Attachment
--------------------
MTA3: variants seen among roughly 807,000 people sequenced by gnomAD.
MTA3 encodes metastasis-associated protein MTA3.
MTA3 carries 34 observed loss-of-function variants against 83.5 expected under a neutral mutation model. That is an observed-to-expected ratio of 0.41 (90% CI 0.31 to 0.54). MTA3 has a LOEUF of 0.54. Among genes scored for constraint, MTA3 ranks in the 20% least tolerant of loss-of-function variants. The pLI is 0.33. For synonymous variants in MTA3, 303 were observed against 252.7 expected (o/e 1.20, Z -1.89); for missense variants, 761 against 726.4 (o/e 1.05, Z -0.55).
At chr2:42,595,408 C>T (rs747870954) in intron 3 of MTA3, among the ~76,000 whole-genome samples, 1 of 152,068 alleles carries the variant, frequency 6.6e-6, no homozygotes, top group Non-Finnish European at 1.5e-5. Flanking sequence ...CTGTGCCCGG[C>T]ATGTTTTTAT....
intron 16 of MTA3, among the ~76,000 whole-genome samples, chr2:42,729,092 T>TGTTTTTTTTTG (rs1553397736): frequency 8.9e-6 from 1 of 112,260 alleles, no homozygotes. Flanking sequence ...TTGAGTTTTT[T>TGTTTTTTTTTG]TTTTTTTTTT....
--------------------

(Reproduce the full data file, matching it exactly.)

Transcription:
MTA3: variants seen among roughly 807,000 people sequenced by gnomAD.
MTA3 encodes metastasis-associated protein MTA3.
MTA3 carries 34 observed loss-of-function variants against 83.5 expected under a neutral mutation model. That is an observed-to-expected ratio of 0.41 (90% CI 0.31 to 0.54). MTA3 has a LOEUF of 0.54. Among genes scored for constraint, MTA3 ranks in the 20% least tolerant of loss-of-function variants. The pLI is 0.33. For synonymous variants in MTA3, 303 were observed against 252.7 expected (o/e 1.20, Z -1.89); for missense variants, 761 against 726.4 (o/e 1.05, Z -0.55).
At chr2:42,595,408 C>T (rs747870954) in intron 3 of MTA3, among the ~76,000 whole-genome samples, 1 of 152,068 alleles carries the variant, frequency 6.6e-6, no homozygotes, top group Non-Finnish European at 1.5e-5. Flanking sequence ...CTGTGCCCGG[C>T]ATGTTTTTAT....
intron 16 of MTA3, among the ~76,000 whole-genome samples, chr2:42,729,092 T>TGTTTTTTTTTG (rs1553397736): frequency 8.9e-6 from 1 of 112,260 alleles, no homozygotes. Flanking sequence ...TTGAGTTTTT[T>TGTTTTTTTTTG]TTTTTTTTTT....